Movie studios want new "anti-piracy" model from AppleAmid growing concerns over digital piracy, major motion picture studios are pressuring Apple Computer to develop a new distribution model for digital films before they agree to make their flicks available on the company's iTunes download service.
The studios — Universal, 20th Century Fox, Paramount and Warner Bros — are all in talks with the iPod maker, according to the Financial Times, but are demanding that company limit the number of devices that can use a film once it's purchased and downloaded from iTunes.
"The studios want to avoid the experience of the music industry, which has yet to recover from years of illegal digital piracy," the report states. It quotes one studio executive involved in the talks as saying Apple must introduce a "new model" for feature film content delivery.
With the average cost of a blockbuster film approaching $100m, movie studios have more to lose than music companies, the exec said. "Were very willing to do a deal but were keen to get some concessions from Apple that will account for the differences between the value of music and television content and feature film content."
Thus far, Apple has signed on just one major studio in Walt Disney Co., which joined iTunes in September and has since sold over 500,000 flicks through the service — a sell-through rate of approximately 62,500 movies a week or 9,000 each day.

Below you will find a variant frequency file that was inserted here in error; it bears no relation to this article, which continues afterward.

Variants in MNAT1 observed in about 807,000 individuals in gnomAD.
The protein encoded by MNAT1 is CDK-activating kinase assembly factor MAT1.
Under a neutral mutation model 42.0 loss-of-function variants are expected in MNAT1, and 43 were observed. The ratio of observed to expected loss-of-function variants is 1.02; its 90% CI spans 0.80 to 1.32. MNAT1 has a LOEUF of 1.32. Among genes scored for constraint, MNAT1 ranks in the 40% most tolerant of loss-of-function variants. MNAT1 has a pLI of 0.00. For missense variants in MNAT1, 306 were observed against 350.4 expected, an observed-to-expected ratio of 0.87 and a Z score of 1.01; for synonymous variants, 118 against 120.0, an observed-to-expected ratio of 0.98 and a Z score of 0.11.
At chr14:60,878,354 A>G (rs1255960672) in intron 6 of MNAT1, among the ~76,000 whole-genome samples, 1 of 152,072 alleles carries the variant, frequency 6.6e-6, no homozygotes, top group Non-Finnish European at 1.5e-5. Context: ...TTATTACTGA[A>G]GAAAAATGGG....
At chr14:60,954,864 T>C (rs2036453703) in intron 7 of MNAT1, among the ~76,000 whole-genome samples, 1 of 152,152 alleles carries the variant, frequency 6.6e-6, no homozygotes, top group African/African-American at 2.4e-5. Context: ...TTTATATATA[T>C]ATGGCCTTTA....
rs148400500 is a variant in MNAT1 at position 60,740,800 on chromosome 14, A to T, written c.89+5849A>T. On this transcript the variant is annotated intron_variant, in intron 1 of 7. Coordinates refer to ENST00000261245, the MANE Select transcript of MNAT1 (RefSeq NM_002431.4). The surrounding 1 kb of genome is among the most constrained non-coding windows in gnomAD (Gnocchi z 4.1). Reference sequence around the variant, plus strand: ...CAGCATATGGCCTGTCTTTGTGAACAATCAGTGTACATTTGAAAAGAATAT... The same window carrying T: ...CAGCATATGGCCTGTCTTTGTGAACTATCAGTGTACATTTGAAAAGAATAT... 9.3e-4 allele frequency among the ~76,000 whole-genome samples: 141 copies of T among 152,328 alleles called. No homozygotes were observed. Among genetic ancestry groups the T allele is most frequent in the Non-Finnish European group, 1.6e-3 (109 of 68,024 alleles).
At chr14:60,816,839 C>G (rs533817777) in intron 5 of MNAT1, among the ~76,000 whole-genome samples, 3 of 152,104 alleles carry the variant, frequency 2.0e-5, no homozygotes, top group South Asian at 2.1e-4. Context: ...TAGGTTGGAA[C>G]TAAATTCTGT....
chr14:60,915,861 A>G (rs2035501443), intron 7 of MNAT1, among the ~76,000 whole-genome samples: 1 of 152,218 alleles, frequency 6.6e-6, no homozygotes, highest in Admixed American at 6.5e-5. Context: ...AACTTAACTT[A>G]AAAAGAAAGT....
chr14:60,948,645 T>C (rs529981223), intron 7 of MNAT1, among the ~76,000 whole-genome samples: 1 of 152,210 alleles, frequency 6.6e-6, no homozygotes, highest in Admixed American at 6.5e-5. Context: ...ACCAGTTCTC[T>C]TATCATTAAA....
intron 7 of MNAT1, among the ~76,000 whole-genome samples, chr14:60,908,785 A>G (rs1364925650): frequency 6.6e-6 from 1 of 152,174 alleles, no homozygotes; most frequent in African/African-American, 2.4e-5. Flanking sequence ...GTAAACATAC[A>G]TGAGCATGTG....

Of the four motion picture heavyweights yet to ink a deal with Apple, Fox is rumored to be one of the closest to reaching an agreement to join iTunes. Earlier this month, CNN quoted the president of the studios parent company, News Corp., as saying the two parties were engaged in 'positive talks,' but that several details still needed to be worked out.
Lions Gate Entertainment, an independent, is also rumored to be closing in on a deal to distribute its films through iTunes.
On Topic: General
- Apple patent hints next-gen Apple Pencil to sport swappable nibs, Touch ID, 'eraser' & more
- Apple CEO Tim Cook calls doom and gloom 'huge overreaction,' turns sights to India
- Apple's Jony Ive previews The Met's 'Manus x Machina'
- Hulu could beat Apple to the punch with live TV subscription service
- This week on AI: Apple's no-good terrible quarter, a death in Cupertino, 'Apple Watch 2' rumors & more